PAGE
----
Pay day loan complaints rise despite new legislation

The Financial Ombudsman Service (FOS) has found that complaints about pay day loans have risen once again, with there being nine times more complaints than two years ago.

According to the organisation’s annual report, 10,529 new complaints were logged relating to short-term credit products in the 2016-17 financial year.

Payment Protection Insurance (PPI) was the most complained about financial product, with 168,769 inquiries logged.

High costs and interest rates, damaged credit ratings and money being taken from accounts by a lender without permission are among other common gripes.

A new set of rules was put in place last month, asserting that pay day loan providers are now required to advertise on at least one price comparison website.

Caroline Wayman, the chief financial ombudsman, said “The most striking story this year has been the rise in complaints we have seen from people having trouble with credit.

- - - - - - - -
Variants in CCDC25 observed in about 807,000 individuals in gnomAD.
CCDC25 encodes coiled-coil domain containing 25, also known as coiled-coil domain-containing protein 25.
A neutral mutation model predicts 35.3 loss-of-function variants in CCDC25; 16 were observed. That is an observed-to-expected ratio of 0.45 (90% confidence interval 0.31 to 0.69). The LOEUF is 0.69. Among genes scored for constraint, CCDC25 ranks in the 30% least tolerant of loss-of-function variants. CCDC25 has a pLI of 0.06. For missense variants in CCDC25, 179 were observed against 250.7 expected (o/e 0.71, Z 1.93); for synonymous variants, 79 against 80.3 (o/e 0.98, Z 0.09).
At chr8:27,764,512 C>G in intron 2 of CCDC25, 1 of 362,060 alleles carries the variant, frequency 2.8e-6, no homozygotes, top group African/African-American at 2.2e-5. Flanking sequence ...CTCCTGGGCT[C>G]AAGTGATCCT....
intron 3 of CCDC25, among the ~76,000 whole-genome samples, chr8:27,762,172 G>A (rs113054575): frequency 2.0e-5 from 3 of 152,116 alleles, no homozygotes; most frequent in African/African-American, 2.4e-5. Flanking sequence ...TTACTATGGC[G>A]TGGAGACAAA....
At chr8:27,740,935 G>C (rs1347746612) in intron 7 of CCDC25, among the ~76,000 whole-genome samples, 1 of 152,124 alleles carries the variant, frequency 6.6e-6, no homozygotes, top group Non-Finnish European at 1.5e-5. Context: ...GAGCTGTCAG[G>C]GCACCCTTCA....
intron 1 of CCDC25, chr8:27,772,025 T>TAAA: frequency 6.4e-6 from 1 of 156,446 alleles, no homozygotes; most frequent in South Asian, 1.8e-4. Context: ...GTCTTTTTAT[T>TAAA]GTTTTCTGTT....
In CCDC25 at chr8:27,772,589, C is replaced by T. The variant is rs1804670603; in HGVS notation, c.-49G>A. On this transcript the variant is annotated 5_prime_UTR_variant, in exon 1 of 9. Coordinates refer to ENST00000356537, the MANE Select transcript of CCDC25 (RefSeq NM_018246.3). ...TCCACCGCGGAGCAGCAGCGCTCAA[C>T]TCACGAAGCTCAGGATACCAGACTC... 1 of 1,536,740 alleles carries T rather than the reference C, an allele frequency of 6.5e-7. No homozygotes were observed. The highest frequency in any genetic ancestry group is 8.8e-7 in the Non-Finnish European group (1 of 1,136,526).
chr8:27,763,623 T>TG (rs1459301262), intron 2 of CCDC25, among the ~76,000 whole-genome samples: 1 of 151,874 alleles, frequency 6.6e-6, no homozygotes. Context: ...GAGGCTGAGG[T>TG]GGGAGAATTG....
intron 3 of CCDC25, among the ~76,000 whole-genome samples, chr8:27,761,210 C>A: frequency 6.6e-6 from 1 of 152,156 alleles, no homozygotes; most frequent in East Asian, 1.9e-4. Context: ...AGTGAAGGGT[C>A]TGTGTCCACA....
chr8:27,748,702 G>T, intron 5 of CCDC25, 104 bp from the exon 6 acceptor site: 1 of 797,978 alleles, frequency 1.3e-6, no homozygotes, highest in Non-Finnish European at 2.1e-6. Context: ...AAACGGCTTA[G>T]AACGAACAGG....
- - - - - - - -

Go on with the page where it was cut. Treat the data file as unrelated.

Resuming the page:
“It is clear that financial difficulties and financial exclusion remain significant challenges for many people. The important thing is to speak up if you’re struggling. Money is often very complicated – and our job is to unravel what’s happened and find a fair way to put things right by looking at individual complaints.”

City regulator, the Financial Conduct Authority (FCA), and the Bank of England have both expressed concerns over consumer borrowing.

A Lords committee has also suggested that more stringent controls are needed in order to tackle the issue effectively.